Tangled Election Web

by Kathy Brigham, October 27, 2010

Berkeley is probably not the best place to be intro­duced to politics, especially after a childhood spent wearing a little “I Like Ike” pin. In Berkeley, the ques­tion was never: Are you a Democrat or a Republican? The question was: Are you a Stalinist or a Trotskyite?

The Stalinists turned out to be somewhat stodgy and so politically correct that one had to avoid the expression “black ball,” not to mention the niggardly word. The Trotskyites, on the other hand, gave great parties and argued constantly among themselves about arcane issues that had nothing to do with real life. The Trotskyites were definitely more fun.

In 1972, the journey from Berkeley to Ukiah was somewhere between 100 and a million miles. In Ber­keley, Ron Dellums was our Congressman — not that sad old man in Oakland, but a young, dashing, radical Democrat. In Ukiah, Don Clausen was our Congressman — a heavyset, jolly man who knew how to bring home the bacon. A Republican, of course.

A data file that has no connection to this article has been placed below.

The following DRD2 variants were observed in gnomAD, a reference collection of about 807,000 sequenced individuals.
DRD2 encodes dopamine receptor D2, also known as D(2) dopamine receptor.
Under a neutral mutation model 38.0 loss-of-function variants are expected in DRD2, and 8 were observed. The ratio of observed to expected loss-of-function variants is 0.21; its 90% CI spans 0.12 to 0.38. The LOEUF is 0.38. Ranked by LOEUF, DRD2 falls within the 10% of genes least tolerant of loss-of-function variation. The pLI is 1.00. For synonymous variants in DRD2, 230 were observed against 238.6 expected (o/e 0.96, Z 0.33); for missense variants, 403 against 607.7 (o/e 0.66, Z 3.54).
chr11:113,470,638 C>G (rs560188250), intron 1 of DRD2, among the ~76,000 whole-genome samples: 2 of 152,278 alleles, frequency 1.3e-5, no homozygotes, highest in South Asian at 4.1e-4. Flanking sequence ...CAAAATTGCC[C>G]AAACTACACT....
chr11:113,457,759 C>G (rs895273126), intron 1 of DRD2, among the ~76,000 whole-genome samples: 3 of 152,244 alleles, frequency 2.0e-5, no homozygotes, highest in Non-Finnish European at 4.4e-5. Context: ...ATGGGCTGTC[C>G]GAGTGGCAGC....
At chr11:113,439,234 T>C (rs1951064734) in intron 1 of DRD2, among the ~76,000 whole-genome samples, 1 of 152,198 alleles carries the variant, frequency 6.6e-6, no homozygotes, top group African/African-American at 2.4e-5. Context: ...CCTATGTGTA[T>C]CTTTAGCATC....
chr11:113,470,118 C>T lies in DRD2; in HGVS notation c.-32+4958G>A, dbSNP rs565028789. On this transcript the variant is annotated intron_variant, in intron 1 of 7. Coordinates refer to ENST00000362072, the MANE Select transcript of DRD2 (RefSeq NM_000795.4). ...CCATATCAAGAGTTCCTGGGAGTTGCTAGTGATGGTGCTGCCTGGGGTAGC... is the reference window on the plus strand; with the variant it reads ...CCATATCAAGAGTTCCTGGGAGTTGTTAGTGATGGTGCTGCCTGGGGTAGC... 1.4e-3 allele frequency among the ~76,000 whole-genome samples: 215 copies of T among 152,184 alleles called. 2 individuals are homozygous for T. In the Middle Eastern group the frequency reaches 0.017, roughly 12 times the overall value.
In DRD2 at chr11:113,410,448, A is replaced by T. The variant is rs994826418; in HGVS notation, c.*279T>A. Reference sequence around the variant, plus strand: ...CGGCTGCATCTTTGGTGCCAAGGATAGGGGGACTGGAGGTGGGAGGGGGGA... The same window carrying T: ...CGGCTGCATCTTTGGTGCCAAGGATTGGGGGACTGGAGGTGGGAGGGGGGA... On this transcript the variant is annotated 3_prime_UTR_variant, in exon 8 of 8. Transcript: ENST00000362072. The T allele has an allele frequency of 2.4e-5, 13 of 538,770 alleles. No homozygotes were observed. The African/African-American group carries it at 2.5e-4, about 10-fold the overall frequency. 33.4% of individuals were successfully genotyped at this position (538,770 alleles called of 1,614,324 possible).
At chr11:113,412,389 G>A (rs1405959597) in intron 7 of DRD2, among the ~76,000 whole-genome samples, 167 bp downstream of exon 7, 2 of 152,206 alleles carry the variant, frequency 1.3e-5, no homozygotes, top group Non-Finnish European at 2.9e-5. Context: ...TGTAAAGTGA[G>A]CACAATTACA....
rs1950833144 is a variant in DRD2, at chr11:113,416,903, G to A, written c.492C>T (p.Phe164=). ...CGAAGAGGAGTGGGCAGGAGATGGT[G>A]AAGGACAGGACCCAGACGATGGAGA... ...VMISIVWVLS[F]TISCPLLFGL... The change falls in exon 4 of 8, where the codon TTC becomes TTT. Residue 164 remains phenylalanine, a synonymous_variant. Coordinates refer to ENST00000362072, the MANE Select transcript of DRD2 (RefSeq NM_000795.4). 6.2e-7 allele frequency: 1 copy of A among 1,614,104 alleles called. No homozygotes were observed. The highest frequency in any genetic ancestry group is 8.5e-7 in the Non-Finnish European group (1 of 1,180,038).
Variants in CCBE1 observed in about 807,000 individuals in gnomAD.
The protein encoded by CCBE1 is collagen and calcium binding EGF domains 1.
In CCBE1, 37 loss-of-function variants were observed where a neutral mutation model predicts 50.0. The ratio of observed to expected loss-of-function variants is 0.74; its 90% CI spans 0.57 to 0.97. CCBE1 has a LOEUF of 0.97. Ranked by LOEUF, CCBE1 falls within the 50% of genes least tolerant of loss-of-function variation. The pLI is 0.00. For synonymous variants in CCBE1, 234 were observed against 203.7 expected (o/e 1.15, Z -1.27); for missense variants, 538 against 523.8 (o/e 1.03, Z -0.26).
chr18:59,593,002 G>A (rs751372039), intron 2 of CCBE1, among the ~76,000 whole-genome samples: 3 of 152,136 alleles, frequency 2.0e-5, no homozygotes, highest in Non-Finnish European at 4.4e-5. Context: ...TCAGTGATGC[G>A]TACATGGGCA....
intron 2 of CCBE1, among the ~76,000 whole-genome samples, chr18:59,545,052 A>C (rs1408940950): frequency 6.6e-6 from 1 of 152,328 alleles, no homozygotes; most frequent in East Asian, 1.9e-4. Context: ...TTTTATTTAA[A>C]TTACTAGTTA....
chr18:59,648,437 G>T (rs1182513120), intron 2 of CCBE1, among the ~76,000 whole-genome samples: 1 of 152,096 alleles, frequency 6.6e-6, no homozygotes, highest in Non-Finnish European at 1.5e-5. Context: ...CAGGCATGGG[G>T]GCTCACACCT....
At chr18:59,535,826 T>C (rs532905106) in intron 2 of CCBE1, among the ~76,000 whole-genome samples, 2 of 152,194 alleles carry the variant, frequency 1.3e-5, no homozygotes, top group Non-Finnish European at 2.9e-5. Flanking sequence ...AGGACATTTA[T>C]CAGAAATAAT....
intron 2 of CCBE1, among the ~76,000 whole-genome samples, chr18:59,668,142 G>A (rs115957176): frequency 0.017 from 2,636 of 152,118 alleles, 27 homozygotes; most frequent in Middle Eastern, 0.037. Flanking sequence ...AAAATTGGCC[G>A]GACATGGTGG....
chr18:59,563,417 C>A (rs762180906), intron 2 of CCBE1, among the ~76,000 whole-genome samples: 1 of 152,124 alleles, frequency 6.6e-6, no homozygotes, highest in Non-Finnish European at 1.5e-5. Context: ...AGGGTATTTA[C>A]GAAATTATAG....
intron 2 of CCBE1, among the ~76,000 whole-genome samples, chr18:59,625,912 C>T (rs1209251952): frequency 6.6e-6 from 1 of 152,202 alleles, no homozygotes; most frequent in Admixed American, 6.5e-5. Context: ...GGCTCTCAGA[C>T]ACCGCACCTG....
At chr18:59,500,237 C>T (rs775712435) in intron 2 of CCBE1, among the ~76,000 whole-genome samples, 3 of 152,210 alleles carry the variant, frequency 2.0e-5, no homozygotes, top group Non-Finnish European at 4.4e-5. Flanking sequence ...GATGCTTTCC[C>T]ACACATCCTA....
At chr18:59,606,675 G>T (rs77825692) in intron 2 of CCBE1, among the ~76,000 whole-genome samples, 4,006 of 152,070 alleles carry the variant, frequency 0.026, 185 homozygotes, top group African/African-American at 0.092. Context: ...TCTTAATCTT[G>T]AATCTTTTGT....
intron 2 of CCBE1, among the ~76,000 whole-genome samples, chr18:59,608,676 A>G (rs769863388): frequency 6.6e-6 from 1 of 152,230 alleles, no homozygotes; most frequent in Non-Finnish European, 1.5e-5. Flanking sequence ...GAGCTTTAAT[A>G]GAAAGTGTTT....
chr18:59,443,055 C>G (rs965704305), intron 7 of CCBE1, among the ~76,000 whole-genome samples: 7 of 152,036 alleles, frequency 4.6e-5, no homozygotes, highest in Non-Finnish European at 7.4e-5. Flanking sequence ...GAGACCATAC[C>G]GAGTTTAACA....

Clausen was initially elected to Congress in 1963, when the First District included Del Norte, Humboldt, Mendocino, Sonoma, Napa, and Marin Counties. In 1973, however, Mendocino was “redistricted” into the fighting Second District — a confusing shuffling of the northern counties that was reversed by 1983, at least as far as Mendocino County was concerned. Clausen, a sturdy campaigner, survived all this shuffling.

But in 1982, after being re-elected nine times, Clausen lost to a Democrat, Doug Bosco. The Republi­cans regained the seat when Frank Riggs beat Bosco in 1991. Dan Hamburg then defeated Riggs in 1993, Riggs regained the seat in 1995, and Mike Thompson nailed it down in 1999.

Meanwhile, our assemblyman in 1972 (then Second District) was Democrat Barry Keene, followed by De­mocrat Dan Hauser, followed by Democrat Doug Bosco, followed by redistricting. When Mendocino County be­came part of the First District, Hauser stayed in the job until he was “termed out” and it has been solidly De­mocratic ever since.